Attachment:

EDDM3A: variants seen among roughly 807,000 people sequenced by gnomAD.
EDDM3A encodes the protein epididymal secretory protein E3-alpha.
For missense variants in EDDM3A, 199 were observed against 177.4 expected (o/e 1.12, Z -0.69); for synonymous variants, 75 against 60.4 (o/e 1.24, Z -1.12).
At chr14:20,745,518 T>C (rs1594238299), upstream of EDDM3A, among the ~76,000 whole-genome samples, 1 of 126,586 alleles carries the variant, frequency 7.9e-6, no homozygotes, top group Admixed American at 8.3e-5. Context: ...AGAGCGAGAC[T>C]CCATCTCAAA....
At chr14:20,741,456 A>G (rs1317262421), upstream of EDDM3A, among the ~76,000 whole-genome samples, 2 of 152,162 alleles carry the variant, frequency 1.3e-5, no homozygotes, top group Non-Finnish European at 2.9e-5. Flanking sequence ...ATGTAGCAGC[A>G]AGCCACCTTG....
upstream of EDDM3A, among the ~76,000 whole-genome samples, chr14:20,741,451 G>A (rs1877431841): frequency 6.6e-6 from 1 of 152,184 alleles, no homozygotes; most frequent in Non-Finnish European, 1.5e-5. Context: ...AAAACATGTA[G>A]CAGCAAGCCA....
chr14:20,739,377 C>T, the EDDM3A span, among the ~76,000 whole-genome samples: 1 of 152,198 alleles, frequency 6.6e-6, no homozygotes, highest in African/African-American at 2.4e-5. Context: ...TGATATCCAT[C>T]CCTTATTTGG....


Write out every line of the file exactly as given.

EDDM3A: variants seen among roughly 807,000 people sequenced by gnomAD.
EDDM3A encodes the protein epididymal secretory protein E3-alpha.
For missense variants in EDDM3A, 199 were observed against 177.4 expected (o/e 1.12, Z -0.69); for synonymous variants, 75 against 60.4 (o/e 1.24, Z -1.12).
At chr14:20,745,518 T>C (rs1594238299), upstream of EDDM3A, among the ~76,000 whole-genome samples, 1 of 126,586 alleles carries the variant, frequency 7.9e-6, no homozygotes, top group Admixed American at 8.3e-5. Context: ...AGAGCGAGAC[T>C]CCATCTCAAA....
At chr14:20,741,456 A>G (rs1317262421), upstream of EDDM3A, among the ~76,000 whole-genome samples, 2 of 152,162 alleles carry the variant, frequency 1.3e-5, no homozygotes, top group Non-Finnish European at 2.9e-5. Flanking sequence ...ATGTAGCAGC[A>G]AGCCACCTTG....
upstream of EDDM3A, among the ~76,000 whole-genome samples, chr14:20,741,451 G>A (rs1877431841): frequency 6.6e-6 from 1 of 152,184 alleles, no homozygotes; most frequent in Non-Finnish European, 1.5e-5. Context: ...AAAACATGTA[G>A]CAGCAAGCCA....
chr14:20,739,377 C>T, the EDDM3A span, among the ~76,000 whole-genome samples: 1 of 152,198 alleles, frequency 6.6e-6, no homozygotes, highest in African/African-American at 2.4e-5. Context: ...TGATATCCAT[C>T]CCTTATTTGG....